Value-based care (VBC) became a buzzword in the healthcare industry, but what does it really mean? The equation that Harvard Business School came up with for a value-based care looks like that “Value = Quality/Cost”. In other words, we are trying to bring costs down for patients while improving their health outcomes. The US federal government is supporting this initiative with Medicare advantage, accountable care organizations, and bundled payment models.
As simple as it could sound, it could be challenging to bring value-based care in reality. Some of the problems patients can be confronted with are early discharges, access to care and specialists to name a few. Let’s study closer all the pros and cons of value-based care.
Hospital care avoided means decreased patient satisfaction
One of the major costs for groups using value-based care is management of acute patients staying in hospitals. With $3,000-$4,000 daily cost per stay, hospitals are closely monitoring bed days and admissions. To bring the costs down, avoid hospitalizations and readmissions, hospitals are carefully managing outpatient clinic patients. The outpatient care in this setting often includes advanced access to primary and urgent care with better chronic care management. If outpatient care is not enough, hospitals refer their patients to nursing facilities instead for cost efficiency reasons.
In reality, the desire to avoid costs under value-based care results in lower quality of care and decreased patient satisfaction with early discharges and consequent readmissions which could be avoided, as well as rushed transfer to palliative care and hospice.
Avoiding Specialist care results in increase complaints
The specialist consultation and further diagnostics with labs and tests are also associated with high costs for the healthcare system. As opposed to fee-for-service care which allows the patient to almost automatically and without hassle be referred to the specialist, in the value-based care setting, the generalist is dealing with all patients’ concerns unless the referral to the specialist is absolutely necessary. It reduces unnecessary procedures, aggressive care and extra spending, but, on the other side of the coin, we can see the cumbersome administrative process and paperwork to get the referral approved by health plans and medical groups. The delays cause dissatisfaction and complaints among both doctors and patients, especially the ones with acute symptoms and considerable health deteriorations.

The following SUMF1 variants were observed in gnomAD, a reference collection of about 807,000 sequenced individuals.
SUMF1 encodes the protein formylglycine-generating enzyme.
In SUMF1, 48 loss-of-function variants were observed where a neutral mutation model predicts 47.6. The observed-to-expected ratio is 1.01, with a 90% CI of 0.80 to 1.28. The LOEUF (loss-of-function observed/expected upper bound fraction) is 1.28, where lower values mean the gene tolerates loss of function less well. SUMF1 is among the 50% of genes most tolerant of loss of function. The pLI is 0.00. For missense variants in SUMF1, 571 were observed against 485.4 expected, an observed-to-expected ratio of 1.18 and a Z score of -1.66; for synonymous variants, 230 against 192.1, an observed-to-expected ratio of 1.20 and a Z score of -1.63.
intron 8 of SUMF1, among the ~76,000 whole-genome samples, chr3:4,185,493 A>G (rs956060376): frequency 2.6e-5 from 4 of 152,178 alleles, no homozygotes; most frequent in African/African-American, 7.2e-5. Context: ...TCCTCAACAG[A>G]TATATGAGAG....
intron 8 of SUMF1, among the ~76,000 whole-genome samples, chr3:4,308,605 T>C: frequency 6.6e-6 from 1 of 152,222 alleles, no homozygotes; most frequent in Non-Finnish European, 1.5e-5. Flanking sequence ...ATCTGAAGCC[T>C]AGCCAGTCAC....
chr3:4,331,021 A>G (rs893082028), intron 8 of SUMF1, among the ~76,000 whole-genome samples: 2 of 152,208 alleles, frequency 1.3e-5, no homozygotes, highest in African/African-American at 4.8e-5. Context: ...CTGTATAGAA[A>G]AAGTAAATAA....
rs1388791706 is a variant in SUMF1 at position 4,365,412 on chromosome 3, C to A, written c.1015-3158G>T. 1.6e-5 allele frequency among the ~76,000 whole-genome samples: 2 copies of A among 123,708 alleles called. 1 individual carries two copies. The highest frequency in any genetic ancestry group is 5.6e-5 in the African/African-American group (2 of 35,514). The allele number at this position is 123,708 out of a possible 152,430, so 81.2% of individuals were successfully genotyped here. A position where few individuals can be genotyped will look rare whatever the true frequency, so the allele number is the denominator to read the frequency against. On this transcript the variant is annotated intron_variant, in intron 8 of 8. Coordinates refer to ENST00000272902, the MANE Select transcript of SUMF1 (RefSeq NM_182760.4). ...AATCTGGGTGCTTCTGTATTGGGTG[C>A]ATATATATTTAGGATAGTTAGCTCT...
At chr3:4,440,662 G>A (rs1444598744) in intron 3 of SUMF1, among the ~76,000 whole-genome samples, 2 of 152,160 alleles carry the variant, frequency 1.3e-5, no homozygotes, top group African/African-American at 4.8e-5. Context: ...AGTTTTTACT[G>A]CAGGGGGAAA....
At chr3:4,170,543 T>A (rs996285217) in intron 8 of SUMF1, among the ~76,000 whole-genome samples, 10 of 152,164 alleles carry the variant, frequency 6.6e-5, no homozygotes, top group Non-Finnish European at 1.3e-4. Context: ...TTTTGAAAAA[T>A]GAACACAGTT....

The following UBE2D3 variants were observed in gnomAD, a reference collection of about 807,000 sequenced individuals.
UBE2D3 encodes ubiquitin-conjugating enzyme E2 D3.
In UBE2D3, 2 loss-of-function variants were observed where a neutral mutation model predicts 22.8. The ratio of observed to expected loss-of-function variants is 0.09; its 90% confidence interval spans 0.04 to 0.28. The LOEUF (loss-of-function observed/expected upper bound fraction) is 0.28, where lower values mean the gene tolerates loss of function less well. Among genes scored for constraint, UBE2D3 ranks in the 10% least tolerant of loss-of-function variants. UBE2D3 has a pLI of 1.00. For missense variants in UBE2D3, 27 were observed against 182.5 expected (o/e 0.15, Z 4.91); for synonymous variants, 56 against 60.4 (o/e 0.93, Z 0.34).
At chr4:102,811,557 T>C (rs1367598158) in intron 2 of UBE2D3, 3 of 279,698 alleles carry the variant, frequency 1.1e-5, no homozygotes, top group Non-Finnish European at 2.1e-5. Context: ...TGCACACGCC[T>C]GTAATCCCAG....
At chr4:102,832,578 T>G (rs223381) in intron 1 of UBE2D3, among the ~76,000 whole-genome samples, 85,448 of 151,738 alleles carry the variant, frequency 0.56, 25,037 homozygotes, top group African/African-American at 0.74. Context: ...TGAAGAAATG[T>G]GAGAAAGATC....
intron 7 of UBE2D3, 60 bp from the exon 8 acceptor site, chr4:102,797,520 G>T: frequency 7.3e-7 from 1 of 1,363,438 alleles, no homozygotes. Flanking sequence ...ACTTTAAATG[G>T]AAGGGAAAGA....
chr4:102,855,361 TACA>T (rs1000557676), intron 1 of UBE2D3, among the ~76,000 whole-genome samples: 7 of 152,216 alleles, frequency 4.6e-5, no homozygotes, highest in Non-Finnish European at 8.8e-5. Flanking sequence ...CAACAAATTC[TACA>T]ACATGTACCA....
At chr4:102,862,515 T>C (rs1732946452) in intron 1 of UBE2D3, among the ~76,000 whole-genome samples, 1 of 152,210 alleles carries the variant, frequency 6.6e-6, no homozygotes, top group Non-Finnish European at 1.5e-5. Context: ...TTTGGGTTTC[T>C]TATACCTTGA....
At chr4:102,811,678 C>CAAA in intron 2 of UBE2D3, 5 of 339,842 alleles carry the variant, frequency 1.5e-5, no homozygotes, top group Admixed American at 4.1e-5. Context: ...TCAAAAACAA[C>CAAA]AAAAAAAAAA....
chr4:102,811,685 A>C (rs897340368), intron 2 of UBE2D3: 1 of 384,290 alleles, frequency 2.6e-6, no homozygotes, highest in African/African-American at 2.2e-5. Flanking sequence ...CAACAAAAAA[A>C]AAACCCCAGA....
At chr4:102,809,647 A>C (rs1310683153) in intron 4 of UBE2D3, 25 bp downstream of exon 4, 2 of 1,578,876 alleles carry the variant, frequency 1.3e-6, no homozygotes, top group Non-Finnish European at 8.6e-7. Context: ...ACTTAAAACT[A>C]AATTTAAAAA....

Choice of care is limiting factor
The limited choice stems from a smaller group of specialist and medical centers value-based health entities work with. Being in a network, they usually have a common electronic medical record platform for data centralization, operational efficiency and convenience. The choice of specialists in the network is usually explained by cost-efficiency, which does not necessarily go with quality. The access to care through so-called “high value physicians” carefully curated by the network is considerably complicating the access to care and is subject to delays.
Complementing teams results in patient confusion
Value-based care groups are broadening their clinician teams complementing them with nurse practitioners, pharmacists, physician assistants, registered nurses, medical assistants, and community health workers. When communication and coordination are established and roles defined this approach improves access to care and overall outcomes. The use of specialists interchangeably without roles and skills definition, in its turn, results in poor outcomes and coordination. The other downside is the confusion it creates among patients that are expected to see real physicians.
Innovation can be curtailed
Value-based care groups are very conservative in their spending and investment in innovation. They tend to choose non-branded generic pharmaceuticals often ignoring higher priced branded drugs which could be more effective in disease treatment. The same with innovation, they are reluctant in adopting new drugs on formularies, advanced diagnostics, newer procedural interventions and remote patient monitoring technologies which in the long-term perspective can save them money, increase capacity and provide continuous care to the patients. This approach can conflict with patients who are powered by numerous internet resources and can compare different approaches to care, technologies and drugs available on the market.
The key learning here is that value-based care entities should be primarily driven by common sense and benefits to the patients and not only financial reasons. Trying to optimize the care for the patient, healthcare organizations are often only optimizing their budget. There should be a middle point between over delivering the care to patients and under delivering. Doing the right thing for the patients will not only affect the quality of care, but also will open more opportunities for healthcare entities using a value-based care approach.
The shift to aging in place, hospital at home trends in the saving grace as more companies in US move to Value Based Care to help curtail costs. Hence Innovation has to be pushed by VBC stakeholders.
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Siwicki, B. (2022). Report: 90% of nurses considering leaving the profession in the next year. Healthcare IT news. Retrieved from